Come Back Soon

Henrietta LacksThe adage that you don’t know what you’ve got until its gone rings incredibly true. But I’m not sure what the apt adage is for knowing and appreciating what you’ve got when you’ve got it and then knowing and appreciating it even more when it’s gone. Whatever it is, it should be applied to Richard Fidler, the former Doug Anthony All Star and current ABC Radio host.

He’s only gone temporarily—I feel I should get that in early lest I freak anyone out—but even temporarily is too interminably long. It appears Fidler’s taking a research sabbatical courtesy of a hallowed Churchill Fellowship and is visiting some of the top radio shows in London and New York. Melodramatic as it sounds, his absence is, for me at least, a giant, gaping, nothing-comes-near-to-replacing-him hole.

Conversations with Richard Fidler is, hands down, the highlight of my day. Five days a week (I’d like to make it seven), he interviews a guest for an hour and manages to draw out some of the most fascinating, compelling tales I’ve ever heard. The show’s motto is ‘things you’re interested in and things you don’t know you’re interested in’, and his guests are incredibly varied. Some are famous, but many more are not. It makes them no less interesting. Sometimes their ‘ordinariness’ and the fact that we’d otherwise not hear their tale makes them more so.

Fidler has a lot to do with this, of course, and the show in anyone else’s hands wouldn’t work as well. We see this with the Conversation Hour in Melbourne, which sells itself as being a similar product, but is actually an unstructured hour of nothing much that drives me batty.

The Good SoldiersFidler (ably supported by his behind-the-scenes team, of course) is effectively the radio version of Andrew Denton. His interviewing skills have reduced me to tears on more than one occasion—in a good way, of course.

There’s a real and nuanced skill to interviewing that I’m coming to increasingly appreciate. Fidler manages to get people to open up and tell the stories without getting in the way. He’s incredibly clever and well read, but never comes across as a know-it-all. It’s something that I think neither Ramona Koval, host of ABC Radio National’s The Book Show, nor Jennifer Byrne, host of the ABC’s First Tuesday Book Club, manage to do. They too, I’m afraid, drive me batty.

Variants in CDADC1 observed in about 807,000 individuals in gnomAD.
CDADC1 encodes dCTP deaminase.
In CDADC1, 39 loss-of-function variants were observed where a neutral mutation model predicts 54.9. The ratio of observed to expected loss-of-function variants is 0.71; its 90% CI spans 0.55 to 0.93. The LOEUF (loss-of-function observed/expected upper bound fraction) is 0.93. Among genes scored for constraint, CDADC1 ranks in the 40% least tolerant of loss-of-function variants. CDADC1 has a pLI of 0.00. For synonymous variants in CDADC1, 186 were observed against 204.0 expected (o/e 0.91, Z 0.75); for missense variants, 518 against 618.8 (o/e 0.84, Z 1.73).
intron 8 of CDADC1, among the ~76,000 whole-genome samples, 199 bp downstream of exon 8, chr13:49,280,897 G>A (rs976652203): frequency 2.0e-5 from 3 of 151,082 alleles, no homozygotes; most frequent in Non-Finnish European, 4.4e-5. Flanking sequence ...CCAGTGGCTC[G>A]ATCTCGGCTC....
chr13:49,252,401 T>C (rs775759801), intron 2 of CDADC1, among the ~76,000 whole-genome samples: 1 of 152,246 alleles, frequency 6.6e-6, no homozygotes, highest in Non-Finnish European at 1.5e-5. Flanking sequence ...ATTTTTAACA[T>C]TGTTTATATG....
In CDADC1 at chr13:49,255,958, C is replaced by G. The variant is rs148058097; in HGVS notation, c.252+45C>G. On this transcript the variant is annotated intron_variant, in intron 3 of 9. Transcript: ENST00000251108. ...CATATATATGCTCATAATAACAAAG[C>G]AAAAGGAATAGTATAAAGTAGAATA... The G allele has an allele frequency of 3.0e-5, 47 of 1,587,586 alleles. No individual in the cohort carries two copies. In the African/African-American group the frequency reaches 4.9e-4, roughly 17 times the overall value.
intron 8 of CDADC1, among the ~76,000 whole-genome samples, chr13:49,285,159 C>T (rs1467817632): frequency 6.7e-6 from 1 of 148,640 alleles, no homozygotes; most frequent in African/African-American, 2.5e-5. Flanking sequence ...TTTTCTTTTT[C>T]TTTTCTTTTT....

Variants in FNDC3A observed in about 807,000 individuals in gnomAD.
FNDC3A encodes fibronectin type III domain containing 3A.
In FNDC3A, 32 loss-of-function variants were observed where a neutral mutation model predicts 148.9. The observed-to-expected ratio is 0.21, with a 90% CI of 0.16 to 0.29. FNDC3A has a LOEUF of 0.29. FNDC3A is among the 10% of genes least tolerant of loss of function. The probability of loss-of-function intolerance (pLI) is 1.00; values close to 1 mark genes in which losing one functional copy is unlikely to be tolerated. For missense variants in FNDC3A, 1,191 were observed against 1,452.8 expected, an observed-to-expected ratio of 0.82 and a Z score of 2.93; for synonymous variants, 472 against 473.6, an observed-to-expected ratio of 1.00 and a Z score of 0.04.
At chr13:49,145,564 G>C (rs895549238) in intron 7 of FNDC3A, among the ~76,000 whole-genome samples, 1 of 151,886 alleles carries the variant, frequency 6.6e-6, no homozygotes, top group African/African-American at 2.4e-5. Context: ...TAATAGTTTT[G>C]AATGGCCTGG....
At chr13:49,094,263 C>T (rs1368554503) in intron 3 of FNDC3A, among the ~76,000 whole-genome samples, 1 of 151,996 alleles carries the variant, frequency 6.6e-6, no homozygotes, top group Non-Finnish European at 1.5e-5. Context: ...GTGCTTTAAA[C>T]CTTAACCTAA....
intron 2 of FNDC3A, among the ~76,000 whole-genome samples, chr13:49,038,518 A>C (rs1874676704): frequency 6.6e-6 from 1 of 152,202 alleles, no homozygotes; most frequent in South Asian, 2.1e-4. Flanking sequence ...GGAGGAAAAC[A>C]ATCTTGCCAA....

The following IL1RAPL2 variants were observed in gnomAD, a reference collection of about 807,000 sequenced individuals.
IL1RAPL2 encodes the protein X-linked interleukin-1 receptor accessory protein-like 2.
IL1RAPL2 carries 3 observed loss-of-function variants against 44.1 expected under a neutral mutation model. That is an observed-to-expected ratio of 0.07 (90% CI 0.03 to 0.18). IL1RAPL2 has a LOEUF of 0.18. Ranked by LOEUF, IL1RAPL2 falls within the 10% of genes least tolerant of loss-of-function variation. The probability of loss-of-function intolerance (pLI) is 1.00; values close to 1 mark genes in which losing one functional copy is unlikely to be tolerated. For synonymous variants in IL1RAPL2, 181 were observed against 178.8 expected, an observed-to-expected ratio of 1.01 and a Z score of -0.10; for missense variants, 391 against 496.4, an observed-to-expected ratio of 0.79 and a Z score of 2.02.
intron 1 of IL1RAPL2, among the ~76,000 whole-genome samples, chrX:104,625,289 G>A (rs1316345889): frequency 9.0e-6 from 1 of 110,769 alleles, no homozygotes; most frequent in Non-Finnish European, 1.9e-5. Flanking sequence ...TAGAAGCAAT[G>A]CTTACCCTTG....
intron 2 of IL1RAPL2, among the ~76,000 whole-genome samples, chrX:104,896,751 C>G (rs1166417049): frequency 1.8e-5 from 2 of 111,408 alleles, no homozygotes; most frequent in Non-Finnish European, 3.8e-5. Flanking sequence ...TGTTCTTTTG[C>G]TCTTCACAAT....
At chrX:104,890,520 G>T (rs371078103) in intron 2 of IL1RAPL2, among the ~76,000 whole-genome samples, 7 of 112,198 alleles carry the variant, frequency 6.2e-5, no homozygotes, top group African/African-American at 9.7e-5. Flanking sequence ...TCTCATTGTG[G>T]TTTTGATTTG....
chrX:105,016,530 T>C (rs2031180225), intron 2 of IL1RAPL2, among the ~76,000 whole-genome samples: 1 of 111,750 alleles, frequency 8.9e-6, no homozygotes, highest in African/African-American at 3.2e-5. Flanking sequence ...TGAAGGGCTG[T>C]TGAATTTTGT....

For me, they get in the way of the interview, imposing their thoughts and opinions on it. I say that not as someone being hypercritical, but as someone who hasn’t anywhere near yet mastered Fidler’s interviewing skills, but who hopes and dreams of one day doing so. I also can’t help but think that Koval and Byrne wish that they were the ones being interviewed.

ConfessionsAnd yes, I couldn’t help but note the irony that Koval, held up as an authority on the area, released a book about interviewing techniques and then had a mega interview debacle with Bret Easton ‘Delta Goodrem’ Ellis at the 2010 Byron Bay Writers Festival.

But that’s not what I wanted to write about. I wanted to write that I can barely wait for Fidler to return. No really. My weeks without him just haven’t been the same. He’s also a magnificent book recommenderer (that’s a technical term). Through him, I’ve discovered some truly incredible books and/or authors. Say, for example:

You’d think his absence would have given me some time to tackle the tower of unread books teetering precariously on my bedside table, but sadly no. That pile just seems to continue to lean and grow. Fidler should be back in early November and there should be a new stack of books for me to salivate over and acquire. I cannae wait!

White Coats, White Slips